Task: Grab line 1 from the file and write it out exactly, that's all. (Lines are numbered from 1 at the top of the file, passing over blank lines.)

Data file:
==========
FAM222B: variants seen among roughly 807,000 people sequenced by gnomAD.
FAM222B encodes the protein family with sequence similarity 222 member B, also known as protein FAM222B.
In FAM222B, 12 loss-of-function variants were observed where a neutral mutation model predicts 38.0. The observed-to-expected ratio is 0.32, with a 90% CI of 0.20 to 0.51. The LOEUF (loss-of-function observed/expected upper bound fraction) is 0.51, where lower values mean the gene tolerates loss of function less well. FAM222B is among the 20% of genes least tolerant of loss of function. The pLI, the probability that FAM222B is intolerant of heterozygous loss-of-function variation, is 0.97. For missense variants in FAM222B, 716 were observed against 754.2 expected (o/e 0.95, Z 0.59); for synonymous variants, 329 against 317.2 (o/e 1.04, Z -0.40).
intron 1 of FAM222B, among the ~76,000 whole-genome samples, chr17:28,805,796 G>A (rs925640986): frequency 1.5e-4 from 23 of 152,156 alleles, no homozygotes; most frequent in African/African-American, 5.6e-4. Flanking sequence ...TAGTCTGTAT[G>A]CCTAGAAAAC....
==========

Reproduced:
FAM222B: variants seen among roughly 807,000 people sequenced by gnomAD.